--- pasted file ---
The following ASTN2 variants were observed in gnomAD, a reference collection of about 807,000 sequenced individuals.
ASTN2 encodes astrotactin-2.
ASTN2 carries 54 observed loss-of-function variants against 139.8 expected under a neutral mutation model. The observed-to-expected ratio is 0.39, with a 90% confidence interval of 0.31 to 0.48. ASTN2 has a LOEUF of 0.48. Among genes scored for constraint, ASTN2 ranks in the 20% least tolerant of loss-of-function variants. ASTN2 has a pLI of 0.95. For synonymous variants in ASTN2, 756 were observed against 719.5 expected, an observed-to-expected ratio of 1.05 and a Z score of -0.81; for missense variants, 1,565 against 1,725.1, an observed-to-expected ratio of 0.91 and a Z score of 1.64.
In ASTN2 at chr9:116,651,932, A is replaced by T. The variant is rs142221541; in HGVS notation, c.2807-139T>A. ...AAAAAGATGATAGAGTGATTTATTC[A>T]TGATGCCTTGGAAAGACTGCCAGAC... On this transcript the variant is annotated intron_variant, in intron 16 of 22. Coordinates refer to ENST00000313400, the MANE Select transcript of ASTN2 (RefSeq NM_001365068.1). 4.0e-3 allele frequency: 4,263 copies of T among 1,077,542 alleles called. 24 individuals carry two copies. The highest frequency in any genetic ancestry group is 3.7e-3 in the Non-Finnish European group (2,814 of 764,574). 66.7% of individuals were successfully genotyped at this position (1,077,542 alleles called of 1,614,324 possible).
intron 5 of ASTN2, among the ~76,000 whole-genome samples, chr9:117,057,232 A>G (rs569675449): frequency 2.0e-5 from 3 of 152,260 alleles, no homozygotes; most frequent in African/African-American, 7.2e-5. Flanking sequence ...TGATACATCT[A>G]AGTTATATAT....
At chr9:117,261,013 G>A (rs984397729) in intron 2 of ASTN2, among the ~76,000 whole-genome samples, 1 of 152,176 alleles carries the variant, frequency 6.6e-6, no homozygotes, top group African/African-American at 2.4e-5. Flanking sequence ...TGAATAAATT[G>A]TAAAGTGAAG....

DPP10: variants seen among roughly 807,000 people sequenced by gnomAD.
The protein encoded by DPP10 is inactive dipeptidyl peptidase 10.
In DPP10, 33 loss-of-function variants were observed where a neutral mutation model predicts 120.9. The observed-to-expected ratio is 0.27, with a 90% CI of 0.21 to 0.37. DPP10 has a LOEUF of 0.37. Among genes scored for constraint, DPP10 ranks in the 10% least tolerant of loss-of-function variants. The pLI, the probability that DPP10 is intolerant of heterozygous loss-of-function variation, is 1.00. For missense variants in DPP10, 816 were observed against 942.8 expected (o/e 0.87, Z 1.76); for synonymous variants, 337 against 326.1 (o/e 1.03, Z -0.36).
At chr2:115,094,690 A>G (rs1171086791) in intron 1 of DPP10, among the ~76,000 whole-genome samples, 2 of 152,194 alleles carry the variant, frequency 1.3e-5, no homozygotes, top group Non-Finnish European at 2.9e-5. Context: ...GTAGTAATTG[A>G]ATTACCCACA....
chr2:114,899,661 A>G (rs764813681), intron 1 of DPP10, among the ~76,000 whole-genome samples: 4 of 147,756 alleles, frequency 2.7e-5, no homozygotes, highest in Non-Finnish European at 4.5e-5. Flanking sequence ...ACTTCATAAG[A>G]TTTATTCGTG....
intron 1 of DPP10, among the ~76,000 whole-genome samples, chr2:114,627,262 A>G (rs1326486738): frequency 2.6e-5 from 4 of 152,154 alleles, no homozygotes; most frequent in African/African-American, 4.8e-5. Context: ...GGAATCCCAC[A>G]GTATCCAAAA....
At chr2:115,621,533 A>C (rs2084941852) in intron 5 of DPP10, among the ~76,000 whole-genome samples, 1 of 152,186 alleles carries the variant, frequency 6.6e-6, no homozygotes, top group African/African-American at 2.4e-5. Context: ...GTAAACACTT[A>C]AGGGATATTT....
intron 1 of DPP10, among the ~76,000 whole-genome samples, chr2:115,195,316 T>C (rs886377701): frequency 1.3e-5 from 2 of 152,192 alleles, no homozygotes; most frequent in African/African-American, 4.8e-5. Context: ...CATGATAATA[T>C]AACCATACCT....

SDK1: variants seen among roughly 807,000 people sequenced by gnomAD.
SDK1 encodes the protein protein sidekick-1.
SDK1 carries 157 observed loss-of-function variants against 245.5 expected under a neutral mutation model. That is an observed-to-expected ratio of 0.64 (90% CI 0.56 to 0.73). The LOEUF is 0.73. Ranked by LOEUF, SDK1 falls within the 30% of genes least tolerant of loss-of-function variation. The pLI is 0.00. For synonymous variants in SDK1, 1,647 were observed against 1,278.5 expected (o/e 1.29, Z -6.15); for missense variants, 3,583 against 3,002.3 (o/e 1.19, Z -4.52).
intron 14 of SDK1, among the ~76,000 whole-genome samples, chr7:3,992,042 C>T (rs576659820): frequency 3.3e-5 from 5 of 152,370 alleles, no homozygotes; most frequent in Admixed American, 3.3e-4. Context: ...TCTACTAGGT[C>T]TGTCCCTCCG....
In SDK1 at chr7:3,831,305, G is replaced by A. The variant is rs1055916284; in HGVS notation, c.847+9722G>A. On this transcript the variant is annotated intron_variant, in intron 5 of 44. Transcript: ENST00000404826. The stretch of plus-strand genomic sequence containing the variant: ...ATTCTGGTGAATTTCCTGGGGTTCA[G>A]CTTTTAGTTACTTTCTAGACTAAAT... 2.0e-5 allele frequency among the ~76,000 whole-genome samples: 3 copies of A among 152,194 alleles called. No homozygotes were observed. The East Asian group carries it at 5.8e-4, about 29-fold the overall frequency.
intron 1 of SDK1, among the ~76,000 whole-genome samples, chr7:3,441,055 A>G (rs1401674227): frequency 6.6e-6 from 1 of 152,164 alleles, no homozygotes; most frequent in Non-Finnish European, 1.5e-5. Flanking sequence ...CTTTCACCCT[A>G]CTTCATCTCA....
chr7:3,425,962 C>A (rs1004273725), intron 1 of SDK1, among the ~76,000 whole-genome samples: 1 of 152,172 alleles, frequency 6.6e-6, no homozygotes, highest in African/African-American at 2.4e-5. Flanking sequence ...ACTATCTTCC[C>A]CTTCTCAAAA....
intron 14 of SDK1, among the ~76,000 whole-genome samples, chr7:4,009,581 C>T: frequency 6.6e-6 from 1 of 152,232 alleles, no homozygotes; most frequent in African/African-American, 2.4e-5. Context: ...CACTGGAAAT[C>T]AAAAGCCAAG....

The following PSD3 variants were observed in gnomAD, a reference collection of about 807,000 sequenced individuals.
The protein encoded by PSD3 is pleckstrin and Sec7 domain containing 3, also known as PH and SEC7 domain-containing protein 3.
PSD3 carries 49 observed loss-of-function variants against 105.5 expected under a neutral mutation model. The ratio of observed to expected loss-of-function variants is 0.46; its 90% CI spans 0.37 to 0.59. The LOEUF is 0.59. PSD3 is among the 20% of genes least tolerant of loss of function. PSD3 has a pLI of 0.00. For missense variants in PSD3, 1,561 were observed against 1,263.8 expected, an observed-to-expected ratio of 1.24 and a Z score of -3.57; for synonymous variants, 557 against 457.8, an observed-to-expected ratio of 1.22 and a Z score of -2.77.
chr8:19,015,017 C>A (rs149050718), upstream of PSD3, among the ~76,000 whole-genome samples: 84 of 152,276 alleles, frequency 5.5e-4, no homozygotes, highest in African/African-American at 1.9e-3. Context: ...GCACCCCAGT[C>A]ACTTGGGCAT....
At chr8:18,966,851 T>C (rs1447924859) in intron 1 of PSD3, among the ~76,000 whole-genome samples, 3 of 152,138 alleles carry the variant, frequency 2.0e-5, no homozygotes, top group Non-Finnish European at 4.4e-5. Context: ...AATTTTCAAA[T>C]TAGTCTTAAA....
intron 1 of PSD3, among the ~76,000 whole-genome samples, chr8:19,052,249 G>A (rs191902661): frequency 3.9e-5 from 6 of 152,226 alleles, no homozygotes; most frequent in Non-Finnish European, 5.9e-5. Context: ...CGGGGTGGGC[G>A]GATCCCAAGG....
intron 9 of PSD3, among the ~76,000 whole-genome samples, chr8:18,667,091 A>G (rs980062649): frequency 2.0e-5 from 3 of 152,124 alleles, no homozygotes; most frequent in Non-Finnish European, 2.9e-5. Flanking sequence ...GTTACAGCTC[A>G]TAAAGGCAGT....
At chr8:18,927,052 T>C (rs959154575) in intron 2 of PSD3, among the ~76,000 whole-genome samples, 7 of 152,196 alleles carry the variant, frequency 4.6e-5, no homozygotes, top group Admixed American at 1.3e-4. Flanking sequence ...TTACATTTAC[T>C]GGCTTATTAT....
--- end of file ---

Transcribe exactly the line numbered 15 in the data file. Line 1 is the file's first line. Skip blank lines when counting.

SDK1: variants seen among roughly 807,000 people sequenced by gnomAD.